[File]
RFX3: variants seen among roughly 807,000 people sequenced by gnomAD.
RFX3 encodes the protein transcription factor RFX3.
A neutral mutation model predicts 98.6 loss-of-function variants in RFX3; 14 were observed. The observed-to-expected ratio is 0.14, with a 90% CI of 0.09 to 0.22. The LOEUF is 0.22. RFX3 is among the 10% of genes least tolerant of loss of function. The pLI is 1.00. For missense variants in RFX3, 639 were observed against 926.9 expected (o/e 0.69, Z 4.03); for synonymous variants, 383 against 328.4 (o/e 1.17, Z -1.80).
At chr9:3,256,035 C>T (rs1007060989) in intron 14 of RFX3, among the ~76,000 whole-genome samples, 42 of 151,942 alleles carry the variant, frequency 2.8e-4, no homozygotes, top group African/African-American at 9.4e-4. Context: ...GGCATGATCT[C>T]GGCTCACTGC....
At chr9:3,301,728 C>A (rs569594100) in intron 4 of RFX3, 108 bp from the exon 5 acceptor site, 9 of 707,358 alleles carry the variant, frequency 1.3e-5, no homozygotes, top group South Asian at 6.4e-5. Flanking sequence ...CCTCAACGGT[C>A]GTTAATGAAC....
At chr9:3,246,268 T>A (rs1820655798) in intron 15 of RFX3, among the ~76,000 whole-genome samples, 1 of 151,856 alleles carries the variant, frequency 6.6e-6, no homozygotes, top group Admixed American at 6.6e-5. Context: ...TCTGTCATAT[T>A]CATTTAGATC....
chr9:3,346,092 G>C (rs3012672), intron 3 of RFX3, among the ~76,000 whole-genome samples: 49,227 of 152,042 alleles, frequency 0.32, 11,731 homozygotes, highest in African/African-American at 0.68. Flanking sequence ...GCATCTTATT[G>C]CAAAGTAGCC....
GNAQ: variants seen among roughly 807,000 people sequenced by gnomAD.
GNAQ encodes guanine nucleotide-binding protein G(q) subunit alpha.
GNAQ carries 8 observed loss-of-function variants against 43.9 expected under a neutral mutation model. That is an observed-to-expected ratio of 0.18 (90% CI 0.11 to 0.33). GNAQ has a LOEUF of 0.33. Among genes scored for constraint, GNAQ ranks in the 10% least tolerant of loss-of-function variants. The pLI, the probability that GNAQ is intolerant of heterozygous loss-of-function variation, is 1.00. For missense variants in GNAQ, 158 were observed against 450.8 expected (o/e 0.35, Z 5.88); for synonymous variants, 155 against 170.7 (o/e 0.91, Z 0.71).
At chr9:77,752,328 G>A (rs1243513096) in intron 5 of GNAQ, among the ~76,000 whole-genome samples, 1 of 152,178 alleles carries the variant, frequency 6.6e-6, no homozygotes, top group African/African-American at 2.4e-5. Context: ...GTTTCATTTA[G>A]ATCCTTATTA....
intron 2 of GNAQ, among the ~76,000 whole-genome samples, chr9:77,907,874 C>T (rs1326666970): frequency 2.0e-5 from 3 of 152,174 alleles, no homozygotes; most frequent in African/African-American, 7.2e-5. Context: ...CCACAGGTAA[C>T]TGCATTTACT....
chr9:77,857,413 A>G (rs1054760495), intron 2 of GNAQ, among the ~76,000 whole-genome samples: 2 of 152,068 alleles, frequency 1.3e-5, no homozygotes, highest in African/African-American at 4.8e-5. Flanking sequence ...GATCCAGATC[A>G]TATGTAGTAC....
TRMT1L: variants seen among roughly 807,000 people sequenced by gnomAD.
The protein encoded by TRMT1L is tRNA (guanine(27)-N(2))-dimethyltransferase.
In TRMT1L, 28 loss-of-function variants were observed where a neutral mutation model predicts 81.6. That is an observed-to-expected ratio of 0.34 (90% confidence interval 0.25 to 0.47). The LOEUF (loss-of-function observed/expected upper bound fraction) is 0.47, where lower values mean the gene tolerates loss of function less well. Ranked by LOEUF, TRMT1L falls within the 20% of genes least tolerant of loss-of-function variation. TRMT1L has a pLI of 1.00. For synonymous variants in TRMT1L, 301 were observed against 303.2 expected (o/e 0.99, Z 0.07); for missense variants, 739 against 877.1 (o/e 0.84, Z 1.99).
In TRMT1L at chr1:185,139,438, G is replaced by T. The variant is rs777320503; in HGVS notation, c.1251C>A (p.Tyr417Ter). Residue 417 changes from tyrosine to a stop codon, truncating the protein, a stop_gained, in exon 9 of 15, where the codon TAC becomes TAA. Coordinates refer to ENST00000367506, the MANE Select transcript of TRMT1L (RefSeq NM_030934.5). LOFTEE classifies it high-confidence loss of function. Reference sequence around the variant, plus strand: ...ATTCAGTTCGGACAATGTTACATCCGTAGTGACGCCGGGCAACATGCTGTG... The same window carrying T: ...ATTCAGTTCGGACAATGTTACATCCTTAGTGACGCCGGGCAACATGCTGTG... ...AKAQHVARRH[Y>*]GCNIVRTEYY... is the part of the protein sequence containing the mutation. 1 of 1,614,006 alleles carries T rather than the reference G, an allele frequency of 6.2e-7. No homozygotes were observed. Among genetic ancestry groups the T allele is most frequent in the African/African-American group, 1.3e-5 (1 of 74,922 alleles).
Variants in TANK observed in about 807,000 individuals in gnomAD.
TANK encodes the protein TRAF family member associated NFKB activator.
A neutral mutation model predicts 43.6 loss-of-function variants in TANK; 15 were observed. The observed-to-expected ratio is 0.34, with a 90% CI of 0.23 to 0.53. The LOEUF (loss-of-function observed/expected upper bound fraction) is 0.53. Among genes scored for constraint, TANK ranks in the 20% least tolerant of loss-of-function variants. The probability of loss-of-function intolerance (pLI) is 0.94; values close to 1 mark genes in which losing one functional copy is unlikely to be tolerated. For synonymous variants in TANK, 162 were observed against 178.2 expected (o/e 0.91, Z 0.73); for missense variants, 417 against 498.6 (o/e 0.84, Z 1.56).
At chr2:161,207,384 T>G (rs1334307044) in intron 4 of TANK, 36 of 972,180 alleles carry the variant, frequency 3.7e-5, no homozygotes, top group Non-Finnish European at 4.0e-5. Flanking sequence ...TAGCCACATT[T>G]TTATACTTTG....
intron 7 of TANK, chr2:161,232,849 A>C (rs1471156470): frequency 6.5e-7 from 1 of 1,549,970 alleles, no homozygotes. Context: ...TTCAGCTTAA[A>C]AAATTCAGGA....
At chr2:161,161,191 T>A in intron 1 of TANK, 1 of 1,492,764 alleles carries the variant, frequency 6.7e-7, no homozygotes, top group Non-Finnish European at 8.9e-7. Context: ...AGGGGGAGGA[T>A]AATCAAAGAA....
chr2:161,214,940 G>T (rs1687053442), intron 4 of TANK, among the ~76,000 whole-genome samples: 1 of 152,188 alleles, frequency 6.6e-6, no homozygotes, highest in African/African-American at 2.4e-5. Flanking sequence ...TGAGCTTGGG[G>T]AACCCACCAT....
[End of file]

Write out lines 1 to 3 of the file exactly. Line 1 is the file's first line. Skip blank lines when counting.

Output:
RFX3: variants seen among roughly 807,000 people sequenced by gnomAD.
RFX3 encodes the protein transcription factor RFX3.
A neutral mutation model predicts 98.6 loss-of-function variants in RFX3; 14 were observed. The observed-to-expected ratio is 0.14, with a 90% CI of 0.09 to 0.22. The LOEUF is 0.22. RFX3 is among the 10% of genes least tolerant of loss of function. The pLI is 1.00. For missense variants in RFX3, 639 were observed against 926.9 expected (o/e 0.69, Z 4.03); for synonymous variants, 383 against 328.4 (o/e 1.17, Z -1.80).